PHOENIX — Primary victories in Arizona and Michigan for allies of Donald J. Trump on Tuesday reaffirmed his continued influence over the Republican Party, as the former president has sought to cleanse the party of his critics, install loyalists in key swing-state offices and scare off potential 2024 rivals with a show of brute political force.
In Arizona, Mr. Trump’s choice for Senate, Blake Masters, won a crowded primary as did his pick for secretary of state, Mark Finchem, an election denier who has publicly acknowledged his affiliation with the far-right Oath Keepers militia group. The governor’s race was virtually tied early Wednesday, even as Mr. Trump’s pick, Kari Lake, was badly outspent.
And in a particularly symbolic victory for Mr. Trump, Rusty Bowers, the Republican speaker of the Arizona House who gained national attention after testifying against Mr. Trump at the Jan. 6 congressional hearings, lost his bid for State Senate.
In Michigan, a House Republican who voted to impeach Mr. Trump, Representative Peter Meijer, was defeated by a former Trump administration official, John Gibbs, and Mr. Trump’s last-minute choice for governor, the conservative commentator Tudor Dixon, who has echoed his false claims of election fraud, easily won her primary.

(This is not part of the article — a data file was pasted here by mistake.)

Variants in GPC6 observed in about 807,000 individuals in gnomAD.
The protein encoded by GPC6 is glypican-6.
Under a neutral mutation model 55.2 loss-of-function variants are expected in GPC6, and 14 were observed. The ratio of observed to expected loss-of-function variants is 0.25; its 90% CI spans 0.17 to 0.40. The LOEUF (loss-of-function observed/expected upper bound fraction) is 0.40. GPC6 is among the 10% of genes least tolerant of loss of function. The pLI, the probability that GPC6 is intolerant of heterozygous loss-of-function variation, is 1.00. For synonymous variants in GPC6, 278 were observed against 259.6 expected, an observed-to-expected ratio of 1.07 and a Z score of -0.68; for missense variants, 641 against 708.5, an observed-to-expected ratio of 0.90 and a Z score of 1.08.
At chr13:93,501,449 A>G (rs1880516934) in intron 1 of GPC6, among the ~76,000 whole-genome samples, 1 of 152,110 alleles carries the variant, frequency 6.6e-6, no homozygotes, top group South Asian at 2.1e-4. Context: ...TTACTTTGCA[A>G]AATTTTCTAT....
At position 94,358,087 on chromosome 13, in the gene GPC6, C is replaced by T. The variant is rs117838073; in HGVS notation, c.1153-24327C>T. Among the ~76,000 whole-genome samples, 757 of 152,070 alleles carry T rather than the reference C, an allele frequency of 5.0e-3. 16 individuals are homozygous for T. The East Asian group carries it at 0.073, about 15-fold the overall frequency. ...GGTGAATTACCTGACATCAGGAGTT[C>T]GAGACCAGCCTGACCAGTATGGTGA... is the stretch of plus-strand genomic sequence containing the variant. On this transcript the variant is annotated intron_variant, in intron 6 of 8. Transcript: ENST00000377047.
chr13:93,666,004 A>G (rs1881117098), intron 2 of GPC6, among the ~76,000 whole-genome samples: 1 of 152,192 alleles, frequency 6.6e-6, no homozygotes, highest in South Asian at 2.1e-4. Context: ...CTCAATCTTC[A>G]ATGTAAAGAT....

Mr. Trump and his allies have been particularly focused on the vote-counting and certification process in both Arizona and Michigan, seeking to oust those who stood in the way of their attempts to overturn the 2020 election. The victory of Mr. Finchem, who marched on the Capitol on Jan. 6, was a key sign of how the “Stop the Steal” movement that was formed on a falsehood about 2020 has morphed into a widespread campaign to try to take control of the levers of democracy ahead of the coming elections.© Christopher (KS) Smith for The New York TimesSupporters of Kansas’ abortion referendum praying while waiting on election results in Overland Park, Kan., Tuesday night.
Tuesday’s primaries in five states — Arizona, Michigan, Missouri, Kansas and Washington State — kicked off a final six-week stretch of races that will provide the fullest picture of the Republican Party’s priorities in 2022, how tight Mr. Trump’s hold remains on the base and the extent to which his falsehoods about a stolen election in 2020 have infected the electorate.
In Washington State, Mr. Trump had backed challengers to two Republican House members who voted for his impeachment. But both of those incumbents appeared to be in strong positions to advance over Mr. Trump’s preferred candidates — benefiting from the state’s top-two primary system, though neither race had been called early Wednesday.
Many Republican strategists are eager to move beyond the primaries and this period of infighting to focus fully on defeating the Democrats this fall and to take advantage of President Biden’s slipping support and growing voter frustrations about inflation and the state of the economy.